KITTANNING – Armstrong County officials are backing the area’s state senator in his efforts to oppose state plans to implement the Regional Greenhouse Gas Initiative.
Joined by state Sen. Joe Pittman (R-Indiana) and state Rep. Jeff Pyle (R-Ford City) at their Jan. 7 meeting, Armstrong County Commissioners Don Myers, Jason Renshaw and Pat Fabian unanimously approved a resolution in opposition to the state’s plan to create a cap-and-trade program that would impose a tax on power plants that use coal and natural gas.
“We’re very concerned about the proposal being considered by Gov. Wolf and his administration,” Pittman said, noting the impact the plan would have on power plants in the area, as well as local jobs in the coal and natural gas industries.
“Consumer prices for electricity would skyrocket,” Pyle added, noting that the plan would force the phase out of coal use.
Pittman explained that power plants not only provide jobs locally, but pay large amounts of property taxes that fund school districts, counties and municipalities.
“This is not a partisan issue in our area,” Pittman said, urging the commissioners to take up the matter with the County Commissioners Association of Pennsylvania.
Fabian, who noted that the Armstrong County Board of Commissioners adopted a similar resolution a year ago, said they would take the issue to the state organization.
The commissioners’ resolution states that Armstrong County “has an immediate and significant interest in this proposed regulation as a host county to impacted coal-fired generation units.”
They also note that carbon dioxide emissions from Pennsylvania’s fossil-fuel fired electric plants was 33.2 percent below 2005 levels, “which is well in advance of Gov. Wolf’s stated 2025 goal of 26 percent below 2005 levels.”
“These reductions have been accomplished while Pennsylvania has maintained a stable and reliable supply of electricity at competitively priced rates,” the commissioners stated in their resolution. They added that if the plan is put into place, it would eliminate more than 87 percent of existing coal generation in Pennsylvania and “impair the future competitiveness of all natural gas generation.”
“The RGGI tax represents the single, most significant energy generation restructuring in the history of Pennsylvania, and the forced premature retirement of coal and natural gas plants will lead to the loss of thousands of direct and indirect jobs,” the commissioners said, noting that in Armstrong County, coal-fired electric operations produce $837 million in total economic impact, and support 1,100 direct and indirect jobs.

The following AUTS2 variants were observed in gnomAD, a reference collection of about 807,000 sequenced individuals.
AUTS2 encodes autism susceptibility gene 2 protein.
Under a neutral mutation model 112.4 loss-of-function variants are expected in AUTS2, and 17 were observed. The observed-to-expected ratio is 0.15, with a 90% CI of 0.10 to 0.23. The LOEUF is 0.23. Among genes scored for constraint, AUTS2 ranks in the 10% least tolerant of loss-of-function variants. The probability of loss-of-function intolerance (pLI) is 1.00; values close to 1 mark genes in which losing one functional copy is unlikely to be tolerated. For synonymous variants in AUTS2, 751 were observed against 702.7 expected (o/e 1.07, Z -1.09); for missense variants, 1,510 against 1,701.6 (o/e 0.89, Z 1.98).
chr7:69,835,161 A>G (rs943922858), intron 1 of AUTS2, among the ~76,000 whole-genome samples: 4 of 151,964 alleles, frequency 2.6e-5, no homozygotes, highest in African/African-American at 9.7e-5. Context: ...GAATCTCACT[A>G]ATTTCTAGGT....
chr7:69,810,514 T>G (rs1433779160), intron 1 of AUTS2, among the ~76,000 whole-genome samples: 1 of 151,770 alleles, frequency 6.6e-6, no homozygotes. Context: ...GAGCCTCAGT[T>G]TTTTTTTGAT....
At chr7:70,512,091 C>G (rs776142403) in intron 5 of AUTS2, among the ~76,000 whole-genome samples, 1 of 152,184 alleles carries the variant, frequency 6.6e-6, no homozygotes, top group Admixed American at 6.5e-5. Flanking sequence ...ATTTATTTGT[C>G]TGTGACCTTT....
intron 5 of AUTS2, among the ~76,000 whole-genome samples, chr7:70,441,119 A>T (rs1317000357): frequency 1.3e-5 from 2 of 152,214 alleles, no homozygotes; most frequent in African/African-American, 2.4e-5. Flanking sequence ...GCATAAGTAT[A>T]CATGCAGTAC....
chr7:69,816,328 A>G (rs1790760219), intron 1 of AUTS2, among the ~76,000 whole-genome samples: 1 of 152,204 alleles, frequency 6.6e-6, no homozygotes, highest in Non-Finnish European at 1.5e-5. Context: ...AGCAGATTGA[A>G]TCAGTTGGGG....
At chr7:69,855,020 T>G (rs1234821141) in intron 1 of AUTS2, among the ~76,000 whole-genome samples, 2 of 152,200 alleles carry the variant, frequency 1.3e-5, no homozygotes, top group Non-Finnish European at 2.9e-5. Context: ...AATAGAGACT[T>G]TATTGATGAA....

The commissioners also took issue with the way the state handled the public comment portion of the process, criticizing the state violated requirements that public hearings be held in areas impacted by the proposed regulations. They argued that the state did not advertise the proposals in the regions of the state that would be affected, and instead of holding in-person hearings, virtual hearings were held that “discriminated against and disenfranchised thousands of potential commenters who lack adequate broad-band [internet] access.”
“If all coal-fired electric generating units within Pennsylvania are forced to close as a result of the RGGI tax, Armstrong County electric customers will be at risk for significant price spikes and potentially rolling brownouts as have occurred in other states that have moved away from fossil fuels,” the resolution states, noting that the county “supports energy policies that make sense for our workers, consumers and employers.”
Pittman said that Pennsylvania is part of a 13-state power grid, and that if the new tax is implemented, energy producers will move to another state with lower taxes.
“If Pennsylvania doesn’t produce it, others will,” he said.
• The commissioners approved the annual tax anticipation note from NexTier Bank in the amount of $3 million, at an interest rate of 1.99 percent.
• Approval was given to donate three computers and a vehicle trailer to Experience Armstrong, the newly independent group that was formerly the Armstrong County Tourist Bureau.
• The commissioners agreed to hire B Longs Cleaning to provide cleaning services at county buildings at a cost of $9,279 per month. Officials noted that the contract will save the county roughly $100,000 per year.
• As it was their first meeting of the new year, the commissioners announced that their regular public meetings would continue to be held the first and third Thursdays of each month at 9 a.m. in the commissioners’ conference room. Salary Board meetings will be held the first and third Wednesdays of each month at 9 a.m., with Prison Board meetings held at 8:30 a.m. on the second Thursday of each month, all in the conference room.